During the dog-days of summer fishing can grow tough, and chumming for striped bass, jigging, and even live-lining with spot can fall flat. In this situation, night is likely the best time to fish. In fact, night fishing can become the number-one most effective tactic for filling your fishbox when a heat wave set in.
Getting the Gear
Obviously, night fishing requires a whole set of unique gear. And we don’t just mean flashlights. (Though we would like to point out that you’ll need your hands for tying knots and baiting hooks, so get a light that clips to your hat brim, or a headlamp). You’ll also need night lights for your boat—the more light you can put on the water the more bait you’ll attract, and the more bait you attract the more big fish you’ll catch. White halogens work, but green fluorescent lights like the Hydro Glow are truly amazing. The tube of light will throw a halo of green 30’ around the boat, and menhaden are attracted to it like moths to a porch light. That brings us to another gear requirement, a cast net. When the bunker swarm around your light, one throw of the net provides a livewell full of prime baits for live-lining. A final tool all night anglers need is a good handheld spotlight. You shouldn’t cruise with it on, since it will destroy your night vision. But a strong spotlight is invaluable when you’re trying to find channel markers and other landmarks.
Choosing the Fishing Position
Points at river mouths and points with sharp drops and shell bottoms, channel edges, and bridges with lightlines are all good places to look for fish. As usual, location is key—you’ll do best if you find a well-lighted bridge with relatively deep water in the channel (at least 12’ or 15’) and a decent current. Boat positioning is even more key when hunting stripers at a bridges’ light-line. You’ll want to anchor up-current (or up-wind, if there is little or no current) within easy casting distance of the light-line where it crosses over the deepest part of the channel under the bridge. If you’re at a bridge over very deep water, instead of looking for the intersection with the channel, find an area where depth transitions from about 20’ to 12’. Essentially, what you’re looking for is close access to water over 10’ with a lightline that crosses into a shallower zone, because stripers will frequent these intersections during all cycles of the tide. After identifying this type of spot, set out your lights and adjust your boat’s distance from the bridge’s light-line until the light-line you create with your own lights intersects with the one made by the bridge.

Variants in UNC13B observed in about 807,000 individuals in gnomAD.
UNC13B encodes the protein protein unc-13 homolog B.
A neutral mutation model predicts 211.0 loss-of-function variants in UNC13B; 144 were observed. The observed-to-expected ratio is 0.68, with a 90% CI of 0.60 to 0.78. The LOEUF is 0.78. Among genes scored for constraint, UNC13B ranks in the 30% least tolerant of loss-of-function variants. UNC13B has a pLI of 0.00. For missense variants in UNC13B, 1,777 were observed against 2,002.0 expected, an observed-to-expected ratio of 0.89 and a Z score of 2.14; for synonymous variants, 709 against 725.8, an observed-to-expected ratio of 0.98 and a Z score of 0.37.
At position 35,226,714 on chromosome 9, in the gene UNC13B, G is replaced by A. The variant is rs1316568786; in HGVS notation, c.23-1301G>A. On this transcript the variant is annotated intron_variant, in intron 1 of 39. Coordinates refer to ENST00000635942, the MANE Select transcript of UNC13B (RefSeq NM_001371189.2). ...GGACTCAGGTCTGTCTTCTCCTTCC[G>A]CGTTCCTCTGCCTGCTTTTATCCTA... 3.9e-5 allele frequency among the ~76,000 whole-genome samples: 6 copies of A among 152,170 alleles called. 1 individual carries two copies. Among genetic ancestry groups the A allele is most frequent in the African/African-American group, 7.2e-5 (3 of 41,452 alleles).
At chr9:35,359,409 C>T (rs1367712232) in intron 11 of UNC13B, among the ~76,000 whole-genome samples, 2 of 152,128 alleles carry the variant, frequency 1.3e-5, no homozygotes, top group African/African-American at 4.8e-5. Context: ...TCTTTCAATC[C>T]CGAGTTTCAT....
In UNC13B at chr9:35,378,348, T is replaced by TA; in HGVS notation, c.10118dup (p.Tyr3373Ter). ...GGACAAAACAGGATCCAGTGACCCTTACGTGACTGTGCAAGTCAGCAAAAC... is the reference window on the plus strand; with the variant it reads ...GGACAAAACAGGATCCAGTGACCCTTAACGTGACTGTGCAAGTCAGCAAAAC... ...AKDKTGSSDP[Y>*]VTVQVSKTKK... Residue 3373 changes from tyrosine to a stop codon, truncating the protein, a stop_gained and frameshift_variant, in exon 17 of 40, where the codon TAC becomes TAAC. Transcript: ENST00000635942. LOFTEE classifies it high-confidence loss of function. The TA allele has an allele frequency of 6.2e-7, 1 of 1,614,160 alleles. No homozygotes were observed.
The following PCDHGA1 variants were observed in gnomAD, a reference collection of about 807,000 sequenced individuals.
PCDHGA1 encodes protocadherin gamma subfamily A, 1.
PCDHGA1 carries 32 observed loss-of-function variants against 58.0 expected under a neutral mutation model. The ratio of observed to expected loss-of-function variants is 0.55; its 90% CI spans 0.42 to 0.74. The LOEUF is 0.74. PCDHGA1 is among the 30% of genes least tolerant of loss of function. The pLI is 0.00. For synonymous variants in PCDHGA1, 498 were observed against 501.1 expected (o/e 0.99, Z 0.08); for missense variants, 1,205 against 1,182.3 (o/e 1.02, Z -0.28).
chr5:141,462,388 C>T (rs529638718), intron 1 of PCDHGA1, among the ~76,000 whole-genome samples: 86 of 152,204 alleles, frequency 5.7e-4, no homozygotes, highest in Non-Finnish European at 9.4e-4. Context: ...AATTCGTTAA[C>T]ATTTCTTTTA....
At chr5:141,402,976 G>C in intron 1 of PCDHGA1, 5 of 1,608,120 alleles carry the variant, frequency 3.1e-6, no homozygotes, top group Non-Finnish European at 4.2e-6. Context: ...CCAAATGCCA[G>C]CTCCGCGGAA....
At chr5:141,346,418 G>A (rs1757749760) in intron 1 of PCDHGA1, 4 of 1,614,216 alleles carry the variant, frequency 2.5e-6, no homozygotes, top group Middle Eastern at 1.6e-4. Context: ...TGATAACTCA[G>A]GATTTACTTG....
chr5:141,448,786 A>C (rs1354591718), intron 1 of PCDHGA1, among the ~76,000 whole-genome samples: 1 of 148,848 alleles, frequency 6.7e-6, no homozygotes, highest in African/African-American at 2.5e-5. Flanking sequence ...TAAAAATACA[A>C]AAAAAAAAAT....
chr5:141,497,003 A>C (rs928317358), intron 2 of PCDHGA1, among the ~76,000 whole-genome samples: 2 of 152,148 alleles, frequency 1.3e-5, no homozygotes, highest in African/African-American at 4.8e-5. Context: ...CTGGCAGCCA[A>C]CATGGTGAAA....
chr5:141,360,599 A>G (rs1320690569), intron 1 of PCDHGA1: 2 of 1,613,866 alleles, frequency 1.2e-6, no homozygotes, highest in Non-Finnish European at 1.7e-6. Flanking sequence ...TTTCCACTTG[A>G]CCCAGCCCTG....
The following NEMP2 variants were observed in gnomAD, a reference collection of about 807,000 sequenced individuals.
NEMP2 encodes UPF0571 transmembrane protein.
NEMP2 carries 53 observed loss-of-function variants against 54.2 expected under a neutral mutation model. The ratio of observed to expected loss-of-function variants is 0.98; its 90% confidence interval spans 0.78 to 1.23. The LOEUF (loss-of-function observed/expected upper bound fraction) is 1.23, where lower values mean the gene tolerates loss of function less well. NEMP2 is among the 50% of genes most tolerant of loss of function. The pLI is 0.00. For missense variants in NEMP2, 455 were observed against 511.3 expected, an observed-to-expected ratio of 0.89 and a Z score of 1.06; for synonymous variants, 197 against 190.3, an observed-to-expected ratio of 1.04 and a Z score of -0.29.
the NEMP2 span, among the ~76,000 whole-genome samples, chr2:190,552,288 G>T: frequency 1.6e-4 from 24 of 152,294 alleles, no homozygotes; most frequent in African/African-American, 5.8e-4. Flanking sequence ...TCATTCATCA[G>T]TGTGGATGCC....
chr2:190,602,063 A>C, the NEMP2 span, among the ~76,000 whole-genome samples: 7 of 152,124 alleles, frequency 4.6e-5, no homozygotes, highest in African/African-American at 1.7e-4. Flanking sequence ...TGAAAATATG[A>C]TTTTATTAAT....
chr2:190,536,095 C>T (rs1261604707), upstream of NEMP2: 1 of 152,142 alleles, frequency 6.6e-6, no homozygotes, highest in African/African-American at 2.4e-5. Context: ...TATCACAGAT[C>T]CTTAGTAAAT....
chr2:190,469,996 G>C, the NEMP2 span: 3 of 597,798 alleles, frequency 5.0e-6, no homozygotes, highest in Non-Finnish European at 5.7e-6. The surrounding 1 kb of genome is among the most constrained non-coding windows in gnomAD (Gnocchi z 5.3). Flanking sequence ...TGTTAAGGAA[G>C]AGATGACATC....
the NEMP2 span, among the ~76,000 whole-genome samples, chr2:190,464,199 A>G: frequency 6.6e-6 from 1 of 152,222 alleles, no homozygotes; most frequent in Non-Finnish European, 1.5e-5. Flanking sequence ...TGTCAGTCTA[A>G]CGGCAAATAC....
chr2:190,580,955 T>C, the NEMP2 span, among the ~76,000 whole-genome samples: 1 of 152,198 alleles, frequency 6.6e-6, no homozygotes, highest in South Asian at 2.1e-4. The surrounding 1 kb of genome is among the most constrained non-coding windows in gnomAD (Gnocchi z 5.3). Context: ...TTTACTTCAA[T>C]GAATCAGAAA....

Fooling the Fish
Now that you’re in the ideal spot, you can start casting. Jigs, stick-baits, and diving plugs may all prove effective, but remember that dark colors usually work best at night. Purple, dark red, and black are prime picks. As you cast your lures keep an eye on your lights because soon, all that bait will show up. Once it does you can fill the livewell and shift to live-lining—by far the most effective night fishing technique.
Rig up with a light leader and a thin wire hook (bunker don’t do well, if you skewer them with a thick, heavy hook), and gently toss your bait just beyond the light-line intersections. Stripers will usually feed a few feet over on the dark side of the light-line, so if the bunker swims back into the fully lighted area (which they tend to do), reel it up and toss it back out again. While the bait’s in the prime zone leave your reels in freespool, so the stripers can grab them and run without feeling any tension.
Just think of it: no blazing sun, no crowds to contend with, and fish in the cooler. There’s no doubt about it—during the summer night time is the right time to go fishing, and it’ll take care of those summer doldrums in no time.